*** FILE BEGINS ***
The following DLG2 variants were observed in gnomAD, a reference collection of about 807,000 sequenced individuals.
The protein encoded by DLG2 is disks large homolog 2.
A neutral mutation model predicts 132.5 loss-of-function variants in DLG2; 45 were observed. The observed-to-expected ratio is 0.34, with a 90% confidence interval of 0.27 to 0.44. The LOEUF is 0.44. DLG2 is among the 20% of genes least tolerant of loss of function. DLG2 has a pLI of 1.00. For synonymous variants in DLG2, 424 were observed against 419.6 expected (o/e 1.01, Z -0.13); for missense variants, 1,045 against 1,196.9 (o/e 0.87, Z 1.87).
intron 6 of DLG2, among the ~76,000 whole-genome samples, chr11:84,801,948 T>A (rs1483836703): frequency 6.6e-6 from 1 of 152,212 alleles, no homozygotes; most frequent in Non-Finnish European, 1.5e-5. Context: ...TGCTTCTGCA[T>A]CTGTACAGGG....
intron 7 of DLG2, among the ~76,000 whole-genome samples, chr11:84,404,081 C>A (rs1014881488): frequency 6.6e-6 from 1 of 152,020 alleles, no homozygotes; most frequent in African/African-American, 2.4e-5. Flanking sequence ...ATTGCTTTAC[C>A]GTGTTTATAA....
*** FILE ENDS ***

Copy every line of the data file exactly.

The following DLG2 variants were observed in gnomAD, a reference collection of about 807,000 sequenced individuals.
The protein encoded by DLG2 is disks large homolog 2.
A neutral mutation model predicts 132.5 loss-of-function variants in DLG2; 45 were observed. The observed-to-expected ratio is 0.34, with a 90% confidence interval of 0.27 to 0.44. The LOEUF is 0.44. DLG2 is among the 20% of genes least tolerant of loss of function. DLG2 has a pLI of 1.00. For synonymous variants in DLG2, 424 were observed against 419.6 expected (o/e 1.01, Z -0.13); for missense variants, 1,045 against 1,196.9 (o/e 0.87, Z 1.87).
intron 6 of DLG2, among the ~76,000 whole-genome samples, chr11:84,801,948 T>A (rs1483836703): frequency 6.6e-6 from 1 of 152,212 alleles, no homozygotes; most frequent in Non-Finnish European, 1.5e-5. Context: ...TGCTTCTGCA[T>A]CTGTACAGGG....
intron 7 of DLG2, among the ~76,000 whole-genome samples, chr11:84,404,081 C>A (rs1014881488): frequency 6.6e-6 from 1 of 152,020 alleles, no homozygotes; most frequent in African/African-American, 2.4e-5. Flanking sequence ...ATTGCTTTAC[C>A]GTGTTTATAA....